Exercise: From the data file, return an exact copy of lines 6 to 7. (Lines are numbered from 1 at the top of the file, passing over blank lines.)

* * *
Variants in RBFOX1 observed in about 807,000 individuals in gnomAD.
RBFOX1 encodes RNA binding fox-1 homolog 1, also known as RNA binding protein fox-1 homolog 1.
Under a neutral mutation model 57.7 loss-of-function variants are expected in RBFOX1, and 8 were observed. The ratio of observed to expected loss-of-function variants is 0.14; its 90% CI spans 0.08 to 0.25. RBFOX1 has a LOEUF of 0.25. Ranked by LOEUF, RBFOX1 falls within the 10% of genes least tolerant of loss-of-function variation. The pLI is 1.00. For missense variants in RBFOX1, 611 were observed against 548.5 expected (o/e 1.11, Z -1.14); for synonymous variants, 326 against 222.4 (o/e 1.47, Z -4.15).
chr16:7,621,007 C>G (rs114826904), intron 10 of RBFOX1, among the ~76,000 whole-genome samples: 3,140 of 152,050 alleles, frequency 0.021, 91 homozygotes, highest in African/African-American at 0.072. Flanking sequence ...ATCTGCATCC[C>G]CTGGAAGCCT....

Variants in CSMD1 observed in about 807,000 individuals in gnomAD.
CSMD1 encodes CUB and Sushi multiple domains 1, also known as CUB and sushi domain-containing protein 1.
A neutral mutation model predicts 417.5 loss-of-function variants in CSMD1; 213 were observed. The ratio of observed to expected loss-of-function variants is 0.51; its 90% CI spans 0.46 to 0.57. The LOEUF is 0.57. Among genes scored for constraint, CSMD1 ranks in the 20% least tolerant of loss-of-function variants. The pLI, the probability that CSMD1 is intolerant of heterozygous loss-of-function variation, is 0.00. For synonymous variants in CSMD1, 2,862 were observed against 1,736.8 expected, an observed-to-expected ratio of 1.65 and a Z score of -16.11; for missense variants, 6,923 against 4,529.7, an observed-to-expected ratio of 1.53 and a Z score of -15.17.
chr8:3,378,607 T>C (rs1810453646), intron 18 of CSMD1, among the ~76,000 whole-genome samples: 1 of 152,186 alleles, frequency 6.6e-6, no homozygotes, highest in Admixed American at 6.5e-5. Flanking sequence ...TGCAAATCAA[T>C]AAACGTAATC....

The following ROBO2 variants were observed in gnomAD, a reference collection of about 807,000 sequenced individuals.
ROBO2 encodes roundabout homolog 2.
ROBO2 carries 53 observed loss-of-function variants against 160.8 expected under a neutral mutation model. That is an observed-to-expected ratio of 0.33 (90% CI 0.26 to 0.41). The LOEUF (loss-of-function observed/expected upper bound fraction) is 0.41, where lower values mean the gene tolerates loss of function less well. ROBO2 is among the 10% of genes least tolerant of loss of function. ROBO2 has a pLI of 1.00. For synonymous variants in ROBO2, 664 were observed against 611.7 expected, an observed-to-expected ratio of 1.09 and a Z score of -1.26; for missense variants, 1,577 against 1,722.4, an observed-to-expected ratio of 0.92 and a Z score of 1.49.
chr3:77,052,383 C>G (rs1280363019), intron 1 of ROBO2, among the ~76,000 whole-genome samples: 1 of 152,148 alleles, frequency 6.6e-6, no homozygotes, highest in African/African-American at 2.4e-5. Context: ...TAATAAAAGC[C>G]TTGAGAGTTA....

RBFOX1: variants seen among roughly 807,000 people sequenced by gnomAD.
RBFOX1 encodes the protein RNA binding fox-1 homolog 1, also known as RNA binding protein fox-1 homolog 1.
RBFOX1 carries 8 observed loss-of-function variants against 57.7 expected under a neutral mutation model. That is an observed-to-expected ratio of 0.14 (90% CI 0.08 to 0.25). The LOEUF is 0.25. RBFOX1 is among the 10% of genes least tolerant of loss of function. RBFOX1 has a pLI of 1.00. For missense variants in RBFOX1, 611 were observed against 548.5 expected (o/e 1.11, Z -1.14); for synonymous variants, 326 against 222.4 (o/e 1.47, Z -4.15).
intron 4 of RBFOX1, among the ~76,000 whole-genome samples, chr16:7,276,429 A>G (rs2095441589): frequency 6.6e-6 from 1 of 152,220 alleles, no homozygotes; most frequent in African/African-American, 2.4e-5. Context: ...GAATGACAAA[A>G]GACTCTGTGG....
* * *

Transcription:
CSMD1 encodes CUB and Sushi multiple domains 1, also known as CUB and sushi domain-containing protein 1.
A neutral mutation model predicts 417.5 loss-of-function variants in CSMD1; 213 were observed. The ratio of observed to expected loss-of-function variants is 0.51; its 90% CI spans 0.46 to 0.57. The LOEUF is 0.57. Among genes scored for constraint, CSMD1 ranks in the 20% least tolerant of loss-of-function variants. The pLI, the probability that CSMD1 is intolerant of heterozygous loss-of-function variation, is 0.00. For synonymous variants in CSMD1, 2,862 were observed against 1,736.8 expected, an observed-to-expected ratio of 1.65 and a Z score of -16.11; for missense variants, 6,923 against 4,529.7, an observed-to-expected ratio of 1.53 and a Z score of -15.17.